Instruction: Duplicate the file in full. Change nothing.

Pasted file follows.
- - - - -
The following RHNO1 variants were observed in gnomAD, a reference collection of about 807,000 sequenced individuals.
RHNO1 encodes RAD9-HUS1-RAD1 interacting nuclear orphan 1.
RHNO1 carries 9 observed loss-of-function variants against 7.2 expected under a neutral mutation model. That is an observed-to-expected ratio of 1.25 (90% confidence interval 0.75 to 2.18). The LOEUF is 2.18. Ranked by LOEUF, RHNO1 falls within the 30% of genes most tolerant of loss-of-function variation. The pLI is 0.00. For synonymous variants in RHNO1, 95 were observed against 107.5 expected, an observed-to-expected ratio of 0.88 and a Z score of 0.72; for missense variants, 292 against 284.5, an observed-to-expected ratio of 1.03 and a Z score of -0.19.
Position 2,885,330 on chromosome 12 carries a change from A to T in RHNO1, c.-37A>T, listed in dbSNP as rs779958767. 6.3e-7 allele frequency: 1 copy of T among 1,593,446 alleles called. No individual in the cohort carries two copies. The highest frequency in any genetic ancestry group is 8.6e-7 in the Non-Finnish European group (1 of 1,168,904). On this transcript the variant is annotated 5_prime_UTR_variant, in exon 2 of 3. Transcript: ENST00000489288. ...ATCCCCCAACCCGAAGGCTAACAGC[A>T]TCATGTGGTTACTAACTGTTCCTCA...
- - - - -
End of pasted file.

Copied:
The following RHNO1 variants were observed in gnomAD, a reference collection of about 807,000 sequenced individuals.
RHNO1 encodes RAD9-HUS1-RAD1 interacting nuclear orphan 1.
RHNO1 carries 9 observed loss-of-function variants against 7.2 expected under a neutral mutation model. That is an observed-to-expected ratio of 1.25 (90% confidence interval 0.75 to 2.18). The LOEUF is 2.18. Ranked by LOEUF, RHNO1 falls within the 30% of genes most tolerant of loss-of-function variation. The pLI is 0.00. For synonymous variants in RHNO1, 95 were observed against 107.5 expected, an observed-to-expected ratio of 0.88 and a Z score of 0.72; for missense variants, 292 against 284.5, an observed-to-expected ratio of 1.03 and a Z score of -0.19.
Position 2,885,330 on chromosome 12 carries a change from A to T in RHNO1, c.-37A>T, listed in dbSNP as rs779958767. 6.3e-7 allele frequency: 1 copy of T among 1,593,446 alleles called. No individual in the cohort carries two copies. The highest frequency in any genetic ancestry group is 8.6e-7 in the Non-Finnish European group (1 of 1,168,904). On this transcript the variant is annotated 5_prime_UTR_variant, in exon 2 of 3. Transcript: ENST00000489288. ...ATCCCCCAACCCGAAGGCTAACAGC[A>T]TCATGTGGTTACTAACTGTTCCTCA...